In 2008 I spent 6 months abroad studying in Lausanne, Switzerland. Clair, one of my friends from my time in Switzerland, was in town last weekend. This was his second time in the Bay Area, and, like the last time he was here, we went on a hike. Last year we went to Berry Falls in Big Basin and this year we continued the waterfall theme, but added in some ocean and beach.
Like our previous trip, we picked up our lunch along the way. (This time at Shervin's favorite deli in San Bruno.) After an intense parking experience at the crowded parking lot, we started off along the trail and passed a pair of lakes before arriving at the junction with the Alamere Falls trail. Although the sign indicated that the trail was not actively maintained, we saw signs of recent pruning and later decided that the unmaintained status was all about the descent to the beach rather than the trail to that point.
Overlooking the falls
Instead of eating lunch at the trailhead when we arrived, we decided to eat somewhere along the trail. Unfortunately, we didn't find any lunch spots until we were near the beach. Around 3:30 p.m., we lunched midway down the descending trail to the beach in the plateau just above the falls. At this height we were flanked by waterfalls. The quintessential Alamere Falls is right along the beach, but there are quaint upper falls that is slightly higher than our lunch spot.
After our late lunch we made our way down to sea level where we could properly enjoy the falls. The second descent into the falls is easily the sketchiest part of the trip. On the way down we took it as slowly as we could, but on the return trip the wind blew sand into our eyes greatly increasing the difficulty of the scramble. That said; Alamere Falls is definitely worth doing the scramble!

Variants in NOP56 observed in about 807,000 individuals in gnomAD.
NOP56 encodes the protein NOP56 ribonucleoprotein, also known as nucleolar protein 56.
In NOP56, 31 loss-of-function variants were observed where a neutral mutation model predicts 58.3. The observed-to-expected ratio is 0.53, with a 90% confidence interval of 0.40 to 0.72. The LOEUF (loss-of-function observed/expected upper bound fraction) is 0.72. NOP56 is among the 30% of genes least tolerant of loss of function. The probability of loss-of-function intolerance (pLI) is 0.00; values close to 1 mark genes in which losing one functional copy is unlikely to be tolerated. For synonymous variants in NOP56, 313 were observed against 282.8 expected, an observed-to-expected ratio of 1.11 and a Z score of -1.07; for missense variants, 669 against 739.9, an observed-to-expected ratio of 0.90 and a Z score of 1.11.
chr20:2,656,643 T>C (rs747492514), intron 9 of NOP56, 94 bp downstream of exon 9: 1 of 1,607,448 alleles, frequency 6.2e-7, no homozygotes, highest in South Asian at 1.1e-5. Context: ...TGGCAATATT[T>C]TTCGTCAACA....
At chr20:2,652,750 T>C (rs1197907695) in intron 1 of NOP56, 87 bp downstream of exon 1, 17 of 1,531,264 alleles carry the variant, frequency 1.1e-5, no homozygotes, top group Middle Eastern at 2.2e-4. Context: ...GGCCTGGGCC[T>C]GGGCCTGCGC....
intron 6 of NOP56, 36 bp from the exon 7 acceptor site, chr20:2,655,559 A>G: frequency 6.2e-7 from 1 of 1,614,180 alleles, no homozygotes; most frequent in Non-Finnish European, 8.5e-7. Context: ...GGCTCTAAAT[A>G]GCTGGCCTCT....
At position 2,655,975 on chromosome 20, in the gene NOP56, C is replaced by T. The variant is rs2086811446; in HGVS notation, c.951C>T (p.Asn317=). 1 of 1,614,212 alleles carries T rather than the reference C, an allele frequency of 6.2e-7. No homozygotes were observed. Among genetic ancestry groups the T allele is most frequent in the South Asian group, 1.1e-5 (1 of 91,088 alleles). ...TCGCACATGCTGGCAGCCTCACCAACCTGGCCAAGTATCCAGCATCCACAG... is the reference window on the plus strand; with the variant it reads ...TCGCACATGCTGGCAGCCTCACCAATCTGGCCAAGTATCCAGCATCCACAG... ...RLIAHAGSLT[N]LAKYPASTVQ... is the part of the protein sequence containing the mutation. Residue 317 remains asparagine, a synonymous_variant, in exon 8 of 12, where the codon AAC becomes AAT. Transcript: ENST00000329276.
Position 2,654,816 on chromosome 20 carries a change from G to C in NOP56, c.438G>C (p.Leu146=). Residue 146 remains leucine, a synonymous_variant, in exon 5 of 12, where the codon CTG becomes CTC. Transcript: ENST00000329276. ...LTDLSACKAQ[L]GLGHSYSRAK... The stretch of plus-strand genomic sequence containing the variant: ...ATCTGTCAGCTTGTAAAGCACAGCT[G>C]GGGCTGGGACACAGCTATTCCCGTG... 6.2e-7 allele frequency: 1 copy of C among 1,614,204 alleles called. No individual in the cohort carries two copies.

Shervin, Clair's friend, found what we first thought might be bits of plastic bottles if it weren't for the sheer quantity and constancy of them. After some examination we decided they might be jellyfish; however, as we didn't see any tentacles, we weren't sure if they truly were or even if they were still alive. Unwilling to risk a sting but still curious, we gently pushed one into the surf, but there was no change. A quick internet search at home revealed that what we saw were velella velella, which are closely related to jellyfish. Recent currents have brought swarms of them to the California coastline.
The saturation attempt
After admiring the massive quantities of velella velella along the coastline and walking a decent length of the beach, we started our return trip. We again passed the lakes and walked along the coastline. Once we got into the forest of Eucalyptus trees near the parking lot, Bryan and Shervin found a small, black and yellow snake when it crossed the trail.
Distance: 9.06 mi
Elevation Gain/Loss: 2140 ft
Lovely hike! There's some ocean, some lakes, and, of course, some water falls. What's not to like? Well, other than needing to wear long pants to avoid poison oak exposure, nothing that we could find.
This was our first time to the southern part of Point Reyes, and it was just as beautiful as Tomales Point in the north.
As one can imagine, we are looking forward to Clair's next visit and the hike we'll do!
+ Deluxe Takeout Sandwiches
+ Trail Mix